When it was his turn to speak, Namath said, "I'd like to personally thank all the single girls in New York for their contribution."
This was pure Broadway Joe: tipsy, freewheeling, amorous. And so was the cockiness that emerged from his whiskey-soft lips a few sentences later.
"The Jets will win Sunday," he said. "I guarantee it."
To many sportswriters, football fans, and even some of the scantily dressed woman who tripped over each other trying to catch the attention of his pretty, light green eyes, Namath’s prediction wasn’t just cocky — it was insane.
His opponent, the Baltimore Colts, were 18-point favorites. Namath’s knees were beat up. The Colts had the second most potent offense in football, and the best defense.
Some were predicting a blowout.
The Jets won, 16-7.
Though Namath was named most valuable player, his performance wasn’t a totally dominating one. He didn’t even throw a touchdown pass. But the moment itself, wrote Kriegel, took Namath’s fame — and pro football’s popularity — to a different planet.
"In fame's pecking order, Namath suddenly outranked Sinatra," Kriegel wrote. "Actually, at that moment, he outranked just about everybody who wasn't a Beatle."
Attendance around the NFL soared. So did TV viewership, particularly with the launch of “Monday Night Football” two years later. The league made sure that Namath and the Jets played in the inaugural game.
Now, 50 years after his big win, Namath was on the CBS set Sunday night for the start of Super Bowl LIII.
Namath became so famous that he earned what is believed to be the only honor ever bestowed upon an athlete: a spot on Richard Nixon’s enemies list. As with many of Nixon’s actions, nobody is sure exactly why this happened.
Kriegel writes that John Dean, Nixon’s former White House counsel, suspects an overzealous staffer probably heard Nixon, a die-hard Redskins fan known to offer offensive play suggestions, make nasty comments about Namath. Other athletes were jealous.
Everyone wanted a piece of Namath, especially reporters. Profiles of Namath were the 1970s equivalent of clickbait. Legendary columnist Jimmy Breslin wrote a famous story about Namath for New York Magazine titled “Namath All Night Long.” In it, he compared Namath hanging out at a bar to Babe Ruth hanging out at a bar.
“I saw Ruth once when he came off the golf course and walked into the bar at the old Bayside course in Queens,” Breslin wrote. “In one shot, he swallowed the mixing glass, ice chunks and everything else. He slapped the mixing glass down and said, give me another one of these f’n things, kid.”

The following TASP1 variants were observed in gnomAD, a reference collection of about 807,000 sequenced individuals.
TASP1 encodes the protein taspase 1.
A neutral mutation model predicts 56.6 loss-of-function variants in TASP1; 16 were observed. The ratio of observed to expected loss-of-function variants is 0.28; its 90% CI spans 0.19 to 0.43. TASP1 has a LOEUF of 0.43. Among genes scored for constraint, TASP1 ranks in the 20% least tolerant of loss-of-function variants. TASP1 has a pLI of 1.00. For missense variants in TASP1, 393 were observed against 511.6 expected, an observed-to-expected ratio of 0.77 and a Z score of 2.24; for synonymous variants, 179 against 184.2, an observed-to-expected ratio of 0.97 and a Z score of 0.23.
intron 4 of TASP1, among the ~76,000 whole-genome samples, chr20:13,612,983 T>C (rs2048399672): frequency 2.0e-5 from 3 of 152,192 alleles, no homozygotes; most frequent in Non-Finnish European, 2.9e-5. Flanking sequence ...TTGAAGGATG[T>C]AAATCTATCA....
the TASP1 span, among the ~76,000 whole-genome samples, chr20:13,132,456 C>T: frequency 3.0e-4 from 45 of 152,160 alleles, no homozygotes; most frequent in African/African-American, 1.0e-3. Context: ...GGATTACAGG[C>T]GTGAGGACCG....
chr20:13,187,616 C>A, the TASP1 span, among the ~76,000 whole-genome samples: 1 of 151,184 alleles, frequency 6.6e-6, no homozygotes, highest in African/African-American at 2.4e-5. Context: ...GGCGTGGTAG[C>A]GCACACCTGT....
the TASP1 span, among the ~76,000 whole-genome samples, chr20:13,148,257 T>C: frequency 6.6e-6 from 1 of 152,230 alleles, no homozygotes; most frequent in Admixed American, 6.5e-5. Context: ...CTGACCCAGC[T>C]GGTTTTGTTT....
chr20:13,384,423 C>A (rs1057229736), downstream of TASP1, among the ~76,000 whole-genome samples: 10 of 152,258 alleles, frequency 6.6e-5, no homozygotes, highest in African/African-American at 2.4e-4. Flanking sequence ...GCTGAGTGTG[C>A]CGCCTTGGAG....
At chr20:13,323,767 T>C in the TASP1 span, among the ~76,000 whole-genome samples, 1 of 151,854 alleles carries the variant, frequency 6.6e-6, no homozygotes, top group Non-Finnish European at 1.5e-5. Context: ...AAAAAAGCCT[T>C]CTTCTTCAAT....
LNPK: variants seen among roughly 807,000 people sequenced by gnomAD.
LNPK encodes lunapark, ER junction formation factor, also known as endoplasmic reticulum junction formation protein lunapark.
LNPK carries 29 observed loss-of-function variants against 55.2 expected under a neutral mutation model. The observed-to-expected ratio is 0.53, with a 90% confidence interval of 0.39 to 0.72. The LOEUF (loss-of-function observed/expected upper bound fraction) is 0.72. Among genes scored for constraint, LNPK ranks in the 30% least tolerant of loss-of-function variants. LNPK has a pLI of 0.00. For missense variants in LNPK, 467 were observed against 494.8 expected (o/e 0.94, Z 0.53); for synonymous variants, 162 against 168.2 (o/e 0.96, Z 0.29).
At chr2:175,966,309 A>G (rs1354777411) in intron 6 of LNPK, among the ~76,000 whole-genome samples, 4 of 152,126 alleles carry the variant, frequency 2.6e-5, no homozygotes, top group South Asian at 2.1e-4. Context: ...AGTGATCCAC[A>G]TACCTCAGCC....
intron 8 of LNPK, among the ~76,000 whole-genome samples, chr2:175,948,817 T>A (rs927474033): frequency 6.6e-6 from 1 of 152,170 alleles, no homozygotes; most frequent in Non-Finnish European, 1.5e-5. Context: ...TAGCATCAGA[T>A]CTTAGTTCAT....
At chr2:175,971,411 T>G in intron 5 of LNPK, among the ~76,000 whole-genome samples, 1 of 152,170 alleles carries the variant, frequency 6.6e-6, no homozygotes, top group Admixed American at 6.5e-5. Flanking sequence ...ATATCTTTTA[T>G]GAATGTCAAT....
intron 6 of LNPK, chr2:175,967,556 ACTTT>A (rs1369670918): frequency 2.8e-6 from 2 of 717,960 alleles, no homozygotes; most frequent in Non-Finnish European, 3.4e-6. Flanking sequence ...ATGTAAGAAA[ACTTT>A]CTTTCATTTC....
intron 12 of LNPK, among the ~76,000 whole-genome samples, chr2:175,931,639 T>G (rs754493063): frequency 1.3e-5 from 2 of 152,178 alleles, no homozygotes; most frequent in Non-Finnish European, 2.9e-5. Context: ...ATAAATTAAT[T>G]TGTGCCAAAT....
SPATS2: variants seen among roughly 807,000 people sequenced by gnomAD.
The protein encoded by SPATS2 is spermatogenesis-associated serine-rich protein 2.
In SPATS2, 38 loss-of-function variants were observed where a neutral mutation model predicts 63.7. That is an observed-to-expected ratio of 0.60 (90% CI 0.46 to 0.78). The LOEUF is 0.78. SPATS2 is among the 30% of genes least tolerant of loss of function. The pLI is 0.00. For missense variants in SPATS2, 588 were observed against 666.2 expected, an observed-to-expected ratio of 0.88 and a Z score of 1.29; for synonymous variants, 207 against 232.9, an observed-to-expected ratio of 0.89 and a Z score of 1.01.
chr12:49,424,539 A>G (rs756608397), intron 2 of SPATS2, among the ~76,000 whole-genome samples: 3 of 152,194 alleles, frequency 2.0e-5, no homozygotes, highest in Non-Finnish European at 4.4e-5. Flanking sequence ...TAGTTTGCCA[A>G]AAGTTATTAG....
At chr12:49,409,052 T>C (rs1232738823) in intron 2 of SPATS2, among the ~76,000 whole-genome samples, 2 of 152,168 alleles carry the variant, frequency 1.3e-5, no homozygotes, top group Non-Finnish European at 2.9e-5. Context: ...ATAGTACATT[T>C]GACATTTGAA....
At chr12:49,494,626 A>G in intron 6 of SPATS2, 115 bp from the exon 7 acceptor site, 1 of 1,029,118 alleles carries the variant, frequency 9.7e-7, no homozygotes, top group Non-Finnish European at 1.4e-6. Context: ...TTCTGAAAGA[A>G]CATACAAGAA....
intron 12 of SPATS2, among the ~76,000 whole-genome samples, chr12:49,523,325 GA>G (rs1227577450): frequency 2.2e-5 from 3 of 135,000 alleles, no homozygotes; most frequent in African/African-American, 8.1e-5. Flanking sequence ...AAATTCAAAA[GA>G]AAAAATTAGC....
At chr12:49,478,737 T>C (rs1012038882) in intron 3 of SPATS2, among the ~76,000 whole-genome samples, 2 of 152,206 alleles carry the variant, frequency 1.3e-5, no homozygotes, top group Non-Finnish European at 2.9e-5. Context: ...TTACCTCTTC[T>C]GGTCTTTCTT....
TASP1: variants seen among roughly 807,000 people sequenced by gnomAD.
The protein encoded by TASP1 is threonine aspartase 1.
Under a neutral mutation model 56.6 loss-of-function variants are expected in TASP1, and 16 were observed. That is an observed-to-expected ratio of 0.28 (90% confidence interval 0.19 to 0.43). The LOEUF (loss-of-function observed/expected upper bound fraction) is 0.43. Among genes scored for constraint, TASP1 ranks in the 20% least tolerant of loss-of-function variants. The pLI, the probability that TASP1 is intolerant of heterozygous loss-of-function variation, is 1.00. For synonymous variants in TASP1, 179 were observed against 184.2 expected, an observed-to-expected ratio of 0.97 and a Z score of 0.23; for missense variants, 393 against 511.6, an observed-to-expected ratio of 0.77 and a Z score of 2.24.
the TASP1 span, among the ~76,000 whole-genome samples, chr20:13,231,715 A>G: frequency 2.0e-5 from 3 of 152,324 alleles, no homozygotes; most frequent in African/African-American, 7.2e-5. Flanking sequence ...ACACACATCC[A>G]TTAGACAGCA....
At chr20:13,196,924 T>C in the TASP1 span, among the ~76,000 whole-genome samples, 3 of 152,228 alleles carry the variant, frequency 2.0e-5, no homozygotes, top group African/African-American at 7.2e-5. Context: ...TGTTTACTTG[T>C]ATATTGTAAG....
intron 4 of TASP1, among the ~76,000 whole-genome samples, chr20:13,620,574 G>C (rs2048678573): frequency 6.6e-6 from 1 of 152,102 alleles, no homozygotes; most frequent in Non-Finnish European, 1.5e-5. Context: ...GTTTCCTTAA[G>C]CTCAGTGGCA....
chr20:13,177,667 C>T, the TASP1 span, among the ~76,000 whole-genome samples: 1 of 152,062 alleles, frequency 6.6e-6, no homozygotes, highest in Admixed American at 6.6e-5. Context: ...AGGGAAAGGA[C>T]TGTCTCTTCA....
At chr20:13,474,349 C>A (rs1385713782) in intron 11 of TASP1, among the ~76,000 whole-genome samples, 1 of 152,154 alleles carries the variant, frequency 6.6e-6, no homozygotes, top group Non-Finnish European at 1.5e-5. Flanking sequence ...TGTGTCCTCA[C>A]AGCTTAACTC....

The place went nuts.
“It is the same thing,” Breslin wrote, “when you stand at the bar with Joe Namath.”
Life went on like this for a while. Not surprisingly, Namath endured his fair share of busted relationships, drunken driving charges, bad business deals, fading playing ability and then, of course, fading fame. The alcohol was the biggest problem. Namath was an alcoholic.
The retired quarterback settled down in 1984, marrying Deborah Mays, a woman he met at a voice class. With her insistence and help, Namath quit drinking a few years later. But after they divorced in 2000, Namath began drinking heavily again, leading to one of the ugliest and most embarrassing moments of his life.
During a Jets game in 2003, Namath — wearing his old number and obviously heavily intoxicated — was interviewed on the sideline by ESPN reporter Suzy Kolber. He answered one of her questions by saying, “I want to kiss you.”
Namath apologized and entered rehab.
At age 75, it’s easier for Namath to look back on that improbable win and understand just how much it changed his life and sports forever.
“I think about it now,’’ he recently told the New York Daily News. “But at the time, I didn’t understand what was taking place. That was beyond what I was thinking about. All I was thinking about was playing in the biggest game of our lives.’’
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